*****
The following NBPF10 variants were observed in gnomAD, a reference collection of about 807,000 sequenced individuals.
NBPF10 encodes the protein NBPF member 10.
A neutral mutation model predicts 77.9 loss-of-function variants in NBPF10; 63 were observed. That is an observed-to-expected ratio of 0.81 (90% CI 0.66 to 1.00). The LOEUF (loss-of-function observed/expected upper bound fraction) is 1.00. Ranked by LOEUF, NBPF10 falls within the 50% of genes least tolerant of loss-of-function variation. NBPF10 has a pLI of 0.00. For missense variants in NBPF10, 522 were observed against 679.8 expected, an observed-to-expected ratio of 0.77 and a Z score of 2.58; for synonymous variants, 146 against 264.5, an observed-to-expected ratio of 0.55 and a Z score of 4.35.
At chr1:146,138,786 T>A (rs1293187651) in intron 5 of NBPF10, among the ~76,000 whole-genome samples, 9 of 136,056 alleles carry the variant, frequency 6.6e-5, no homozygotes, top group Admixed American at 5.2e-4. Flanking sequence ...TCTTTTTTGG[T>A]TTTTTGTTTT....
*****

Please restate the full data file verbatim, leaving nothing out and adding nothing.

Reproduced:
The following NBPF10 variants were observed in gnomAD, a reference collection of about 807,000 sequenced individuals.
NBPF10 encodes the protein NBPF member 10.
A neutral mutation model predicts 77.9 loss-of-function variants in NBPF10; 63 were observed. That is an observed-to-expected ratio of 0.81 (90% CI 0.66 to 1.00). The LOEUF (loss-of-function observed/expected upper bound fraction) is 1.00. Ranked by LOEUF, NBPF10 falls within the 50% of genes least tolerant of loss-of-function variation. NBPF10 has a pLI of 0.00. For missense variants in NBPF10, 522 were observed against 679.8 expected, an observed-to-expected ratio of 0.77 and a Z score of 2.58; for synonymous variants, 146 against 264.5, an observed-to-expected ratio of 0.55 and a Z score of 4.35.
At chr1:146,138,786 T>A (rs1293187651) in intron 5 of NBPF10, among the ~76,000 whole-genome samples, 9 of 136,056 alleles carry the variant, frequency 6.6e-5, no homozygotes, top group Admixed American at 5.2e-4. Flanking sequence ...TCTTTTTTGG[T>A]TTTTTGTTTT....